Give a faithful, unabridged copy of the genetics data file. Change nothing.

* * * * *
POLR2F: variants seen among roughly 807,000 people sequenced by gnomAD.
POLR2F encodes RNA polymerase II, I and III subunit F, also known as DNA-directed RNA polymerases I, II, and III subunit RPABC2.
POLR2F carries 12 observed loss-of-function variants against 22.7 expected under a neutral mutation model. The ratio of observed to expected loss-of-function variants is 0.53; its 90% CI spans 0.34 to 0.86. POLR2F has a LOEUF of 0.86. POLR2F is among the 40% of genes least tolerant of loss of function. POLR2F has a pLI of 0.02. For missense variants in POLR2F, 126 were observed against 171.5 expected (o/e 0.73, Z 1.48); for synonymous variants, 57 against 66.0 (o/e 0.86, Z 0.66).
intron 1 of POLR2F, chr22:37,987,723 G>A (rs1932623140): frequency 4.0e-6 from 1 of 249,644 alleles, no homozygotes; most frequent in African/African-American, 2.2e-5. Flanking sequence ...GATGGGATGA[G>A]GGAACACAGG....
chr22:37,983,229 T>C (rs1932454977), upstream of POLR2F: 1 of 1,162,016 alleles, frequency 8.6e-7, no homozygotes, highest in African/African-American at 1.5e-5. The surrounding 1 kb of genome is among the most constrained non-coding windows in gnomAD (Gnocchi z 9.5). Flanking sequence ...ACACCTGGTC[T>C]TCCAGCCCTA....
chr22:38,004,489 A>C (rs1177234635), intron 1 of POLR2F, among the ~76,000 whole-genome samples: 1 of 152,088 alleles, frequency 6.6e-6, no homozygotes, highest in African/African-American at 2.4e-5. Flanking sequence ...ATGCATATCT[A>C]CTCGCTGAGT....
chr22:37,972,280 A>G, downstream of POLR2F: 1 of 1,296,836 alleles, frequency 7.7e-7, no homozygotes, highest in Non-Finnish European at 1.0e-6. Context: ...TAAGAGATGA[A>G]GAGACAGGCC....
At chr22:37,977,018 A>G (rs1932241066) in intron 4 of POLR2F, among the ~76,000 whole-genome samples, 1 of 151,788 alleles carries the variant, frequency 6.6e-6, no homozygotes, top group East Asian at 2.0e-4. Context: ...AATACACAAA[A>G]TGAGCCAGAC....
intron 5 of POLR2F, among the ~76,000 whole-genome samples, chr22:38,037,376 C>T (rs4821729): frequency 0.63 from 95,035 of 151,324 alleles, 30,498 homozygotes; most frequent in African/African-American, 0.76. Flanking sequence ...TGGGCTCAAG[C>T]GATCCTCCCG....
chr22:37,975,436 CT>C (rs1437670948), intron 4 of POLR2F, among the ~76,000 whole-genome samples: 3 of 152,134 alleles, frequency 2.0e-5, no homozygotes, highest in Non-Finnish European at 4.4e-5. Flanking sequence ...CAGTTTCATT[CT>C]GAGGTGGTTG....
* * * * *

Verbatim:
POLR2F: variants seen among roughly 807,000 people sequenced by gnomAD.
POLR2F encodes RNA polymerase II, I and III subunit F, also known as DNA-directed RNA polymerases I, II, and III subunit RPABC2.
POLR2F carries 12 observed loss-of-function variants against 22.7 expected under a neutral mutation model. The ratio of observed to expected loss-of-function variants is 0.53; its 90% CI spans 0.34 to 0.86. POLR2F has a LOEUF of 0.86. POLR2F is among the 40% of genes least tolerant of loss of function. POLR2F has a pLI of 0.02. For missense variants in POLR2F, 126 were observed against 171.5 expected (o/e 0.73, Z 1.48); for synonymous variants, 57 against 66.0 (o/e 0.86, Z 0.66).
intron 1 of POLR2F, chr22:37,987,723 G>A (rs1932623140): frequency 4.0e-6 from 1 of 249,644 alleles, no homozygotes; most frequent in African/African-American, 2.2e-5. Flanking sequence ...GATGGGATGA[G>A]GGAACACAGG....
chr22:37,983,229 T>C (rs1932454977), upstream of POLR2F: 1 of 1,162,016 alleles, frequency 8.6e-7, no homozygotes, highest in African/African-American at 1.5e-5. The surrounding 1 kb of genome is among the most constrained non-coding windows in gnomAD (Gnocchi z 9.5). Flanking sequence ...ACACCTGGTC[T>C]TCCAGCCCTA....
chr22:38,004,489 A>C (rs1177234635), intron 1 of POLR2F, among the ~76,000 whole-genome samples: 1 of 152,088 alleles, frequency 6.6e-6, no homozygotes, highest in African/African-American at 2.4e-5. Flanking sequence ...ATGCATATCT[A>C]CTCGCTGAGT....
chr22:37,972,280 A>G, downstream of POLR2F: 1 of 1,296,836 alleles, frequency 7.7e-7, no homozygotes, highest in Non-Finnish European at 1.0e-6. Context: ...TAAGAGATGA[A>G]GAGACAGGCC....
At chr22:37,977,018 A>G (rs1932241066) in intron 4 of POLR2F, among the ~76,000 whole-genome samples, 1 of 151,788 alleles carries the variant, frequency 6.6e-6, no homozygotes, top group East Asian at 2.0e-4. Context: ...AATACACAAA[A>G]TGAGCCAGAC....
intron 5 of POLR2F, among the ~76,000 whole-genome samples, chr22:38,037,376 C>T (rs4821729): frequency 0.63 from 95,035 of 151,324 alleles, 30,498 homozygotes; most frequent in African/African-American, 0.76. Flanking sequence ...TGGGCTCAAG[C>T]GATCCTCCCG....
chr22:37,975,436 CT>C (rs1437670948), intron 4 of POLR2F, among the ~76,000 whole-genome samples: 3 of 152,134 alleles, frequency 2.0e-5, no homozygotes, highest in Non-Finnish European at 4.4e-5. Flanking sequence ...CAGTTTCATT[CT>C]GAGGTGGTTG....